My viral load is 10 million copies/mL in seroconversion…
I was recently diagnosed with HIV. It is thought I contracted this within a few months ago. The ID doctor seems to think I am seroconverting.
My first lab results shocked me. My CD4 was 267 with a VL over 10 million. I feel healthy with just a slight dry throat and had recededing gums which has eased off. I am 30 years old, 6ft and weigh 11 stone.
My question is why such a high initial VL?
Does this indicate any problems with future CD4/VL i.e being VL being above 100,000 and so needing immediate treatment.
How soon could I expect my levels to level?
I’m sorry to hear about your diagnosis, but I hope you are getting the information and support to make this easier.
It is common for viral load in very early infection to be over one million copies/mL.
The two studies referenced below report cases in seroconversion where this is greater than 50 million. Viral load tests are less sensitive at very high levels (over one million) so these very high figures just show these are possible.
The severity of seroconversion symptoms is an indication of how quickly HIV progresses after serconversion. People who have the worst symptoms often start HIV treatment earlier. Also, if symptoms are severe enough to be hospitalised, BHIVA guidelines include this as a reason to start HIV treatment.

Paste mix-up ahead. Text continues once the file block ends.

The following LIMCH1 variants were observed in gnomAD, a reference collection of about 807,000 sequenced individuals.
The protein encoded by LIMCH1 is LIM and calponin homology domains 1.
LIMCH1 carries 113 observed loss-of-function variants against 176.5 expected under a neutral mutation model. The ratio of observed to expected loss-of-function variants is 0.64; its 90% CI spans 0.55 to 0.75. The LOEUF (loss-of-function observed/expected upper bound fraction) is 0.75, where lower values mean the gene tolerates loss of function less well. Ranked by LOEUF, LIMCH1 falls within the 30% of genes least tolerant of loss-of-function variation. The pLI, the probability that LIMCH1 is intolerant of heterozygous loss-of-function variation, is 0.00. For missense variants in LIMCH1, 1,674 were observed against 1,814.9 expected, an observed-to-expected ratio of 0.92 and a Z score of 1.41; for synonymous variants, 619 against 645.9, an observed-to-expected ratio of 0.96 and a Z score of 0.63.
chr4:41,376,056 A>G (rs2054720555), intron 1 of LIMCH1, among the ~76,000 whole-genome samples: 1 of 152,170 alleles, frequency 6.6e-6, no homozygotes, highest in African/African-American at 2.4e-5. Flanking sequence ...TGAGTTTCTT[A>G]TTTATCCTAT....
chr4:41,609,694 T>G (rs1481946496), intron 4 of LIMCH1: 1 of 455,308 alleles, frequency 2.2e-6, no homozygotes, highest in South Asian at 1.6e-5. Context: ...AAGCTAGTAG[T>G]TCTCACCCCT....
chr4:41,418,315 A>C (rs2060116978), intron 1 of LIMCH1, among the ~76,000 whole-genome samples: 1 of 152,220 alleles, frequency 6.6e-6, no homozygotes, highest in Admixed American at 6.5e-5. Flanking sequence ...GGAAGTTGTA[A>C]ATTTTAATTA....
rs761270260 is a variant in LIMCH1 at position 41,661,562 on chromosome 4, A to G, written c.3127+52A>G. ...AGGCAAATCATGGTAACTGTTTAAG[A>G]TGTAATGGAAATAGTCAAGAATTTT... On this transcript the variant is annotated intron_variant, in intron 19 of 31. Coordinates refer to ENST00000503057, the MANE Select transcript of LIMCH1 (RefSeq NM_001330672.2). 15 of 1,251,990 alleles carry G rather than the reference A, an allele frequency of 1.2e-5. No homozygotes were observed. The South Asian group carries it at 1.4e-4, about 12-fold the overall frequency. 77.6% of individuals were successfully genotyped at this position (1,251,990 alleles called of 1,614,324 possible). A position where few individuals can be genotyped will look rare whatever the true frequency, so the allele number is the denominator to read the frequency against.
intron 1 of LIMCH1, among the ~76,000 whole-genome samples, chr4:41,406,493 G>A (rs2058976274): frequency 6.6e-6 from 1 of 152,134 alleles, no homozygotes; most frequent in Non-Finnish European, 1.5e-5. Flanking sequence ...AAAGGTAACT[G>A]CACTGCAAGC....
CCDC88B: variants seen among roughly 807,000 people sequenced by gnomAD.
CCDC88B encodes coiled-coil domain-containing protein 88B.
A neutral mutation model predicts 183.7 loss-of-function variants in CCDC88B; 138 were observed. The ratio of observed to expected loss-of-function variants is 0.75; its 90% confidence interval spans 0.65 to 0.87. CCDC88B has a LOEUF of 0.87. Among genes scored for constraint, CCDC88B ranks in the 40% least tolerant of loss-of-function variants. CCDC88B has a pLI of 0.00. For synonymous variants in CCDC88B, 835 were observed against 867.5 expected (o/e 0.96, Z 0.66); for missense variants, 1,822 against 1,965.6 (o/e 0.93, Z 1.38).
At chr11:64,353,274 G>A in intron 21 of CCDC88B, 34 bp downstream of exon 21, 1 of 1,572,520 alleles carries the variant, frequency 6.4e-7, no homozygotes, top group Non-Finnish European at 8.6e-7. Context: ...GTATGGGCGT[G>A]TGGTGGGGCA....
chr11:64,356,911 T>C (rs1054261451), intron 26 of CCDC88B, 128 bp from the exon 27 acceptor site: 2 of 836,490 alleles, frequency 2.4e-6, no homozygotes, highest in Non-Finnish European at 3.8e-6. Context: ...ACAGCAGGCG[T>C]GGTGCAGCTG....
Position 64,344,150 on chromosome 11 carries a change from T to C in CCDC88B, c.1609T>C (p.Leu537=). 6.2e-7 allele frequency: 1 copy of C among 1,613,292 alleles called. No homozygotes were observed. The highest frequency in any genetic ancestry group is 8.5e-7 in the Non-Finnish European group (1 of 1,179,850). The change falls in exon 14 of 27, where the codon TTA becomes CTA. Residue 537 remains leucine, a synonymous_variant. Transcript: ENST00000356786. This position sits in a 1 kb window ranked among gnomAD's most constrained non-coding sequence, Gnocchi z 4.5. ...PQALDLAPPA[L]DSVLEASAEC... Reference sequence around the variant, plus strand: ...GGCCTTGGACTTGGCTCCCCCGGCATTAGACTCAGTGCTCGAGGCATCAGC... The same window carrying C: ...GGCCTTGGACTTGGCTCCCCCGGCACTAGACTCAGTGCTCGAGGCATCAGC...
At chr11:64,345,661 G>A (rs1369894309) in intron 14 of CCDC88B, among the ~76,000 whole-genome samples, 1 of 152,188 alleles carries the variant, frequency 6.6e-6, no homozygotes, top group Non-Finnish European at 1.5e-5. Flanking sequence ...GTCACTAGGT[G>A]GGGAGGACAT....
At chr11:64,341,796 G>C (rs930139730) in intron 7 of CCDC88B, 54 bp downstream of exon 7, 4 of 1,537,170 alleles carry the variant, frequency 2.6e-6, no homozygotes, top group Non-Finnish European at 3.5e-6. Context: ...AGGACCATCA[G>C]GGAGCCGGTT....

UK guidelines generally recommend starting HIV treatment (ART) whenever someone is diagnosed. This includes in very early infection, even if you don’t have symptoms. See from page 33 at this link: https://www.bhiva.org/file/RVYKzFwyxpgiI/treatment-guidelines-2016-interim-update.pdf).
This also recognises that someone has to be ready to start treatment, but a high viral load is one of the reasons used to support early ART.
The first study reports median peak viral load of 6.5 log (3 million) with a range of 4.2 to 9.0 log) at median of 10 days (range 1 to 31) post symptoms.
The second study includes an example of a women in Kenya in early infection with a viral load of 57 million copies/mL.
- Kaufmann GR et al.Impact of Early HIV-1 RNA and T-Lymphocyte Dynamics During Primary HIV-1 Infection on the Subsequent Course of HIV-1 RNA Levels and CD4+ T-Lymphocyte Counts in the First Year of HIV-1 Infection. JAIDS 22(5)437–444. (15 December 1999).
- Lavreys L et al. Virus Load during Primary Human Immunodeficiency Virus (HIV) Type 1 Infection Is Related to the Severity of Acute HIV Illness in Kenyan Women. Clinical Infectious Diseases, 35(1): 77–81. DOI: 10.1086/340862. (1 July 2002).
This answer was updated in January 2022 and January 2016 from a question first posted in August 2010. The update is because guidelines now recommend ART in early infection.